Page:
Deaf Adventists Urged to Share Their Faith in Mexico

Deaf Congress is told that “the church must make salvation available to all people.”

Deaf Adventists Urged to Share Their Faith in Mexico

, with Inter-American Division staff

ASeventh-day Adventist leader in Mexico used a sign-language sermon to encourage hearing impaired attendees of a four-day conference to actively share Jesus with the deaf community.

Francisco Javier Diaz de Leon, leader of Adventist Deaf Ministries in Mexico, told participants of the Deaf Congress in Montemorelos, Mexico, that their influence among their peers was greater than that of people without hearing challenges.

He also called on the Adventist community to support hearing impaired groups and sign-language interpreters to recruit and train fellow church members to use sign language.

He was echoed by Samuel Telemaque, special needs ministries director for the Adventist Church’s Inter-American Division, whose territory includes Mexico. He said the conference aimed to send a clear signal to church members to change their thinking toward deaf outreach.

“The church must make salvation available to all people,” Telemaque said. “God gives gifts to everyone, those persons with abilities and those with disabilities. His strength is made perfect in our weakness.”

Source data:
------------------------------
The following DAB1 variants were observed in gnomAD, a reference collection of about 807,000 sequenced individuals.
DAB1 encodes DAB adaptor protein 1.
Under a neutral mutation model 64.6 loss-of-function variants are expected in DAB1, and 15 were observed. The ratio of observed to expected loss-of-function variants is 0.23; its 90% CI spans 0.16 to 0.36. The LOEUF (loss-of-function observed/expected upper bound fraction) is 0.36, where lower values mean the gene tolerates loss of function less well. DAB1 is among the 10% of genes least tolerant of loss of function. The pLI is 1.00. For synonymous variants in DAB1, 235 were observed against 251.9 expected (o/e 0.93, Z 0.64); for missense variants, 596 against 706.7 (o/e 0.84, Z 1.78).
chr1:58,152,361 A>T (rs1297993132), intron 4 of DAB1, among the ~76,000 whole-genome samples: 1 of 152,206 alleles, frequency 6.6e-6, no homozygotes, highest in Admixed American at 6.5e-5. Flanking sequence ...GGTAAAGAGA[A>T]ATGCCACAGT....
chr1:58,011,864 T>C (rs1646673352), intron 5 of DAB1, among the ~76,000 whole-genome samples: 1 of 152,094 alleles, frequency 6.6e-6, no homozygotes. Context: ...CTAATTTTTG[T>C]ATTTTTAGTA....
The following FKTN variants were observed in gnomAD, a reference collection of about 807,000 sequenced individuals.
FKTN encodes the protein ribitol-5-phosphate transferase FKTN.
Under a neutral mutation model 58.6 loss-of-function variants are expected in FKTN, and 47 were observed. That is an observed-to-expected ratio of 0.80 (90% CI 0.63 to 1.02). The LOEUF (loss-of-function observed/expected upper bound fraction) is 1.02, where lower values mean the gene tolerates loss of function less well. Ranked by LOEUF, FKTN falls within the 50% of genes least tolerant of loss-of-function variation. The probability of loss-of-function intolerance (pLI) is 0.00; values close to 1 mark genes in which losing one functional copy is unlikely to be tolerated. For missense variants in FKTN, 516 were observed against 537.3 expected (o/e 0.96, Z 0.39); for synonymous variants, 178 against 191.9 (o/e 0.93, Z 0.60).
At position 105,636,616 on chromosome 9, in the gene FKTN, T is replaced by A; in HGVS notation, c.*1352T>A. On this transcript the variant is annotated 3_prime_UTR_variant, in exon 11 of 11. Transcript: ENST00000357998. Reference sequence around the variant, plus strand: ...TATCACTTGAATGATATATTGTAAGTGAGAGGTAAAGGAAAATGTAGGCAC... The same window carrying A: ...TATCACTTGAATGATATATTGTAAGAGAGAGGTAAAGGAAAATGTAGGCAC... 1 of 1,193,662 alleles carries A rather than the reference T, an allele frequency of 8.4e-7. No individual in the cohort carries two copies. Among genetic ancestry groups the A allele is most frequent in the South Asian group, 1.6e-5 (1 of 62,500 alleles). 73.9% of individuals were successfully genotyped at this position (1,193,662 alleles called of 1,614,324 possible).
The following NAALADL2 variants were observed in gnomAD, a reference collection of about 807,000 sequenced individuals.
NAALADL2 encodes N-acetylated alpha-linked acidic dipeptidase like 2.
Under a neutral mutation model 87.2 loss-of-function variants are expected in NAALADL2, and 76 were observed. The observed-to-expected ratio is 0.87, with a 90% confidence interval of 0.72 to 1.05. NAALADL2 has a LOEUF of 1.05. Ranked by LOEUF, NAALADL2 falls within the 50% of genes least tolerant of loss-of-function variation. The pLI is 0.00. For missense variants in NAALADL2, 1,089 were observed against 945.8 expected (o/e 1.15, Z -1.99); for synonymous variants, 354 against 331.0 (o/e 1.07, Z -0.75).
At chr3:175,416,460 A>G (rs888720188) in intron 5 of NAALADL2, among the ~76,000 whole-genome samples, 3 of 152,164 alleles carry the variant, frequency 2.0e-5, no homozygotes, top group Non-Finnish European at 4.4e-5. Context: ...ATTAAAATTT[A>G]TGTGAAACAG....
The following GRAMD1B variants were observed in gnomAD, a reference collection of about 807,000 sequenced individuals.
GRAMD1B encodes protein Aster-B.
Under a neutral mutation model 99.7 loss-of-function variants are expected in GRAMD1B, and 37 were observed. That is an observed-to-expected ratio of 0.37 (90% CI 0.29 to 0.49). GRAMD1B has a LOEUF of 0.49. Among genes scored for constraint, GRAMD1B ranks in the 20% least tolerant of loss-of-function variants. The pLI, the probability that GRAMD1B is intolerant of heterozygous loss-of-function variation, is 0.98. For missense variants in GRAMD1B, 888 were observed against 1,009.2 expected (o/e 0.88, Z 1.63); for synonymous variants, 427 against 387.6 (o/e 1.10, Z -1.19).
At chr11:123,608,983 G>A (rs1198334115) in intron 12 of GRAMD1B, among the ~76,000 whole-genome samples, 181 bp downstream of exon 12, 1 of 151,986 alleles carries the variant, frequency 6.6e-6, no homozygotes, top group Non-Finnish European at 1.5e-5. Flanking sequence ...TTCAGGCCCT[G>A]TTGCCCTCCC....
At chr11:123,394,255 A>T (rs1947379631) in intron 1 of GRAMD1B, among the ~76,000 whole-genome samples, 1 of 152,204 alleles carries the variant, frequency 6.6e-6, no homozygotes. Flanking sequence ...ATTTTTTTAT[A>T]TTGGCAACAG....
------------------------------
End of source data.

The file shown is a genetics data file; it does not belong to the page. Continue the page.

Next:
Local Adventist leaders are assessing the number of deaf worshippers in Adventist churches in north Mexico. So far, they know of 71 deaf people, and they have appealed to local pastors to identify more.

“It would be a real blessing to have all our district pastors on board with our strategy to identify and minister to the deaf individuals who currently attend our Adventist churches,” said Adan Dyck, personal ministries and Sabbath school director for the Adventist Church in north Mexico and the main organizer of the conference.

Recent national census statistics indicate that nearly 700,000 people, or 12 percent of the 5 million people with disabilities in Mexico, are deaf or otherwise hearing impaired. Out of that group, 30 percent do not know how to read or write.

“We wanted to learn more about the different ways we can reach this special group of people,” said Adan Dyck, personal ministries and Sabbath school director for the church in North Mexico and main organizer of the event.

To that end, church leaders plan to create a two-week training program for deaf Master Guides to strengthen their work in reaching others with similar needs.

Adventist-operated Montemorelos University will assist the church in producing Adventist hymns in sign language and has pledged to carry every worship service in sign language. More than 60 university students have registered to learn sign language with a sign language expert on campus.

The church in north Mexico has begun producing video “Faith of Jesus” Bible lessons in sign language for church members to share. Leaders hope to complete the 20 Bible lessons by June 2017, when they plan to gather more than 500 deaf people from across Mexico for the first national conference of its kind in the country.

“We are serious about reaching the deaf across our cities, communities, and streets who need to learn of the love of Jesus,” said David Maldonado, special needs ministries director for the church in north Mexico.

Adan Dyck washing the feed of a deaf man during a communion service at the conference.